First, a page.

Do you plan on shopping for your glasses or contact lens?
You need to enter your prescription details when prompted. But then comes the question: how can you read your contact lens prescription?
Both contact lens and glasses prescriptions come with numbers and symbols that may look confusing initially but are easy to understand if you know what they are.
Fortunately, that’s what this guide is about.
We’ll show you how to read your contact lens prescription and understand the difference between contacts and glasses. So, let’s get on with it.
What is Contact Lens Prescription?
A contact lens prescription is a specialized document that provides detailed information necessary for selecting the appropriate contact lenses for a patient’s eyes. Unlike a glasses prescription, it requires specific measurements that pertain to the contact lens fit.
What Does a Contact Lens Prescription Look Like?
Contact lens prescriptions look different depending on the need for vision correction, the contact lens brand, and the eye doctor.
However, most contact lens prescriptions follow the same pattern with the following things in place:
The Visual Correction Parameters: These are the things that will be examined by the doctor, and it varies from prescription to prescription. Nonetheless, all prescriptions have rows for the right and left eye and a ‘lens power’ column.
The Readings: These are the numbers you would see on the prescription. Note that the numbers for glasses cannot be used for contact lenses and vice versa. The same is for different types of glasses or lenses. The numbers for clip-on glasses differ from that of multifocal or polarized lenses.
Expiration date: Contact lens prescriptions are valid for one to two years, depending on the regulations in your state. Therefore, you’ll need to obtain a new prescription once your old one has run out. Although getting the right prescription for your contact lenses may seem like a hassle, it is ideal for your eye health.
Aside from these three things, the contact prescription will also contain some personal information about you, the eye doctor, and the contact lens brand.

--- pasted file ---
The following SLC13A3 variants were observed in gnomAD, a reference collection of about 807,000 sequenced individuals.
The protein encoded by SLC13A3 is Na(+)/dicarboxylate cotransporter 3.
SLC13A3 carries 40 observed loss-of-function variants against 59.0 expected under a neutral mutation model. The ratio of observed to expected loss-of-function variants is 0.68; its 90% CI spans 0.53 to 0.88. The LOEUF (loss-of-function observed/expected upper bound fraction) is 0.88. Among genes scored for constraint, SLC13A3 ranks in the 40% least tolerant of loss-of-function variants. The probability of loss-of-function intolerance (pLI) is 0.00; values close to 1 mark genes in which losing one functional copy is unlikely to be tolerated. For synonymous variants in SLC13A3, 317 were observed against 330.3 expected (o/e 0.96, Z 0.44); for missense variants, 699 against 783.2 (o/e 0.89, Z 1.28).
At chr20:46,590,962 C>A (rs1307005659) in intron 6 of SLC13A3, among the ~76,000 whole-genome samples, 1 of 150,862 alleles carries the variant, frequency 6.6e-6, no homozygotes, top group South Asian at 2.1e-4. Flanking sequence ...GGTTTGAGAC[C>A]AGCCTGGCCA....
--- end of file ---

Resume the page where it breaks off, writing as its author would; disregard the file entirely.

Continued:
An eye health prescription will have a space for your name, the doctor’s signature, and the brand’s name.
Sometimes, the brand name appears on the top right corner of the prescription, while your name and the doctor’s signature are written below.
Notwithstanding, these are the basic things you should find in contact lenses or eyeglass prescriptions.
Reading your contact lens prescription
Into the order of the day: how to read contacts and glasses prescriptions. So what can you find on your lens and glasses prescription?
Contact Lens prescription information:
|OD||Ocular Dexter||Right eye|
|OS||Ocular Sinister||Left eye|
|OU||Ocular Uterque||Visual correction needed in both eyes|
|BC||Base Curve||Measures back curvature of lens; tailored to cornea’s curve|
|DIA||Diameter||Distance from one edge of lens to the other|
|SPH||Sphere||Strength of prescription; negative for nearsightedness, positive for farsightedness|
|COLOR||Color||Prescription information for colored or blue light glasses|
|ADD||Addition||Additional lens power for multifocal, bifocal, etc.; usually between +0.75 and +3.00|
|PRISM||Prism||Parameter for eye alignment; includes BO, BU, BI, BD indicators|
|SVD||Single Vision Distance||Condition needing single vision or distance glasses|
|SVN||Single Vision Near||Prescriptions to correct nearsighted vision; a type of single-vision prescription|
OD: “Ocular dexter,” meaning “right eye.”
OS: “Ocular sinister,” meaning “left eye.”
OU: “Ocular uterque,” which means a visual correction is needed in both eyes.
BC: “Base curve,” which measures the back curvature of your glasses or contact lens shape in millimeters. Note that both the base curve (BC) of your left and right eye would differ. It will be a prescription tailored to the cornea’s curve of one or both eyes for the best fit.
DIA: “Diameter,” which is the distance from one edge of your lens to the other.
SPH: “Sphere,” which refers to the strength of your contact lens prescription, that is, how much vision correction you need to reach a clear and sharp vision. (Some contact lens brands refer to this as “PWR.”) SPH is best for addressing nearsighted or farsighted vision correction. A negative number means myopia (nearsightedness), and positive means hyperopia (farsightedness).